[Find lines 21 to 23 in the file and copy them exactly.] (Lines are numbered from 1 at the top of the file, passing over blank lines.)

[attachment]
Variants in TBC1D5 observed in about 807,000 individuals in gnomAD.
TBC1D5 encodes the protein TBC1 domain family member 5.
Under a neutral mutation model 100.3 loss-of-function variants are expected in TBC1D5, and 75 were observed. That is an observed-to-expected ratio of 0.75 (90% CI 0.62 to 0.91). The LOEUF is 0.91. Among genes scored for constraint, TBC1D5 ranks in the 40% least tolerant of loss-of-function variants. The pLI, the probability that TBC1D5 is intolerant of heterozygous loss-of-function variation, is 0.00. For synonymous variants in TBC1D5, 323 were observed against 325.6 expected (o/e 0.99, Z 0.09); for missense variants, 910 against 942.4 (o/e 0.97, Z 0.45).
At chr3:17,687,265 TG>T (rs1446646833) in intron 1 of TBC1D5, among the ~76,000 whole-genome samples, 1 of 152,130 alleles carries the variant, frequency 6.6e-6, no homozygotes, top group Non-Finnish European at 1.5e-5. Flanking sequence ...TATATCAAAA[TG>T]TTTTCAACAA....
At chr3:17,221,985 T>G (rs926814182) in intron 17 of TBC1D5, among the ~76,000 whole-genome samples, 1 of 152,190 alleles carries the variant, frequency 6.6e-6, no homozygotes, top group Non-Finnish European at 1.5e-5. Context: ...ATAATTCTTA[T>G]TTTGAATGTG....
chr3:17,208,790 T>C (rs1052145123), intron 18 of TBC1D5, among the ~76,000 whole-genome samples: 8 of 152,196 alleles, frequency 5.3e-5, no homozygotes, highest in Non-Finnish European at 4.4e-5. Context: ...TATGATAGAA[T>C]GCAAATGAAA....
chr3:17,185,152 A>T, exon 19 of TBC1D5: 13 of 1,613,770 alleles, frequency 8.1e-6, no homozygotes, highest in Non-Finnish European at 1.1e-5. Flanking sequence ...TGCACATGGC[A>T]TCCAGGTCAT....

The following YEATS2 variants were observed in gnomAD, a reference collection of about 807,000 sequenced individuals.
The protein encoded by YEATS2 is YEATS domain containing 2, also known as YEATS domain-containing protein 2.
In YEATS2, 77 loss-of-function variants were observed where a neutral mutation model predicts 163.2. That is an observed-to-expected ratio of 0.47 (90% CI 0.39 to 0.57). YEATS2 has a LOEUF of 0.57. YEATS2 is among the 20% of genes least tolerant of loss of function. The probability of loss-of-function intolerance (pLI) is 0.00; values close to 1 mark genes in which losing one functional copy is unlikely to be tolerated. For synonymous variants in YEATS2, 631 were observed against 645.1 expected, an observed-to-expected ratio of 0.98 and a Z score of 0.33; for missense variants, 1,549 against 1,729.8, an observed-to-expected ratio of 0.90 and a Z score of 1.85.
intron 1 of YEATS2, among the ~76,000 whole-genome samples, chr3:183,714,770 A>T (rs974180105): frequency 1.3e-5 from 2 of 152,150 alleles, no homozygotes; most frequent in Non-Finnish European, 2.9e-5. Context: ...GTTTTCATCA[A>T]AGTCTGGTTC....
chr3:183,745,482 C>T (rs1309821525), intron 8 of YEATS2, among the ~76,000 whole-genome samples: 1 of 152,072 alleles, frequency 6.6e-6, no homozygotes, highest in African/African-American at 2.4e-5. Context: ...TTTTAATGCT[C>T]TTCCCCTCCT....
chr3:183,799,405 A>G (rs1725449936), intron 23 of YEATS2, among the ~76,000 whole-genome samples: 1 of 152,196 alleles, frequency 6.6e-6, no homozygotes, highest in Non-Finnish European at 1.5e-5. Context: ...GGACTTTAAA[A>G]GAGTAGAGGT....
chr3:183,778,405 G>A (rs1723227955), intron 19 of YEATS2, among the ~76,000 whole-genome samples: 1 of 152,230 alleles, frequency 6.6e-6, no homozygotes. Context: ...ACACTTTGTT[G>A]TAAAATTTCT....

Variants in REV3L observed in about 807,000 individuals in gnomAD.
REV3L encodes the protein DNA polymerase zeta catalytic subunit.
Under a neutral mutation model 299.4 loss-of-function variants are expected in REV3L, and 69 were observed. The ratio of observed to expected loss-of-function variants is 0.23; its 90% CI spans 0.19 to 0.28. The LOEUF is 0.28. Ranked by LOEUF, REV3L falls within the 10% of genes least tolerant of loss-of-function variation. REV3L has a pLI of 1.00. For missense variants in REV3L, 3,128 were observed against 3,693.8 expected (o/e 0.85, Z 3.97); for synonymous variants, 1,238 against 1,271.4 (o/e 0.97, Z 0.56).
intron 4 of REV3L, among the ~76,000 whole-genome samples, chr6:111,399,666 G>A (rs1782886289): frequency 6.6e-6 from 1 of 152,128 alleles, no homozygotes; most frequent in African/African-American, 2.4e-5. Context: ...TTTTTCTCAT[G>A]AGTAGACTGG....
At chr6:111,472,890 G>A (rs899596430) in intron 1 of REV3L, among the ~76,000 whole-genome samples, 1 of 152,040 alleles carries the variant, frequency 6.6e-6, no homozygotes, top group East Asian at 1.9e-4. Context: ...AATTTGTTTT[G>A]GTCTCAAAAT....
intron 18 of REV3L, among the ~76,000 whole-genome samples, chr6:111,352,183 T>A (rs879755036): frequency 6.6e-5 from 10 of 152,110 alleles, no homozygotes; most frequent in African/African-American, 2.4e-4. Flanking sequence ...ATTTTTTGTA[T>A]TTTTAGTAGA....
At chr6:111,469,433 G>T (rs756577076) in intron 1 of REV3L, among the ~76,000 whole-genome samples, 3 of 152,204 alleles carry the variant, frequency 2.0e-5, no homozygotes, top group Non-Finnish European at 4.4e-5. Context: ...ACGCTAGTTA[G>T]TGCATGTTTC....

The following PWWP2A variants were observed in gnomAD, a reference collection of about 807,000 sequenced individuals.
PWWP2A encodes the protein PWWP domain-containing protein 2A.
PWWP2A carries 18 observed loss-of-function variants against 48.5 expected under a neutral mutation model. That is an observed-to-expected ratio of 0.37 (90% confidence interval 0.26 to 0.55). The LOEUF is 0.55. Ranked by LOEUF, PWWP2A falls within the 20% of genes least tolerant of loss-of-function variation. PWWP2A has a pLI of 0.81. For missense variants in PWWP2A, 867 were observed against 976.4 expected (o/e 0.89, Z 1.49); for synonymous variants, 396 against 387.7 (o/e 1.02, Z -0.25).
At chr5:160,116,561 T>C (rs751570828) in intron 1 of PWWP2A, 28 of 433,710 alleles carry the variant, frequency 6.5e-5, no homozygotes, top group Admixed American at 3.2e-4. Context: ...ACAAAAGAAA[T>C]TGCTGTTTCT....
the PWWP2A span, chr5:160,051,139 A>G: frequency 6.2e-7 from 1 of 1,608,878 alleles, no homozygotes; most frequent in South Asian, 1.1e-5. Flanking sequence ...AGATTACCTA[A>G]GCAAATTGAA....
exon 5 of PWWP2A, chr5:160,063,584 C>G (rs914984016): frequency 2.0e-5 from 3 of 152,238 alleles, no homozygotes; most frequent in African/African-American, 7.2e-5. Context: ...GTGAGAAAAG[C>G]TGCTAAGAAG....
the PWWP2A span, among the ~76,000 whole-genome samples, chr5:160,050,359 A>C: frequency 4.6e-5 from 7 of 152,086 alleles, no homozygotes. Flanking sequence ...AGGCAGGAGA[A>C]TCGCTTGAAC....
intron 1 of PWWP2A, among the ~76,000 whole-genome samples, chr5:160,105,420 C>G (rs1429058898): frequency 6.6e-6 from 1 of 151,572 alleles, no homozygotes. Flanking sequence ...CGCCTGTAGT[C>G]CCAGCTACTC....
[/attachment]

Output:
At chr6:111,469,433 G>T (rs756577076) in intron 1 of REV3L, among the ~76,000 whole-genome samples, 3 of 152,204 alleles carry the variant, frequency 2.0e-5, no homozygotes, top group Non-Finnish European at 4.4e-5. Context: ...ACGCTAGTTA[G>T]TGCATGTTTC....

The following PWWP2A variants were observed in gnomAD, a reference collection of about 807,000 sequenced individuals.
PWWP2A encodes the protein PWWP domain-containing protein 2A.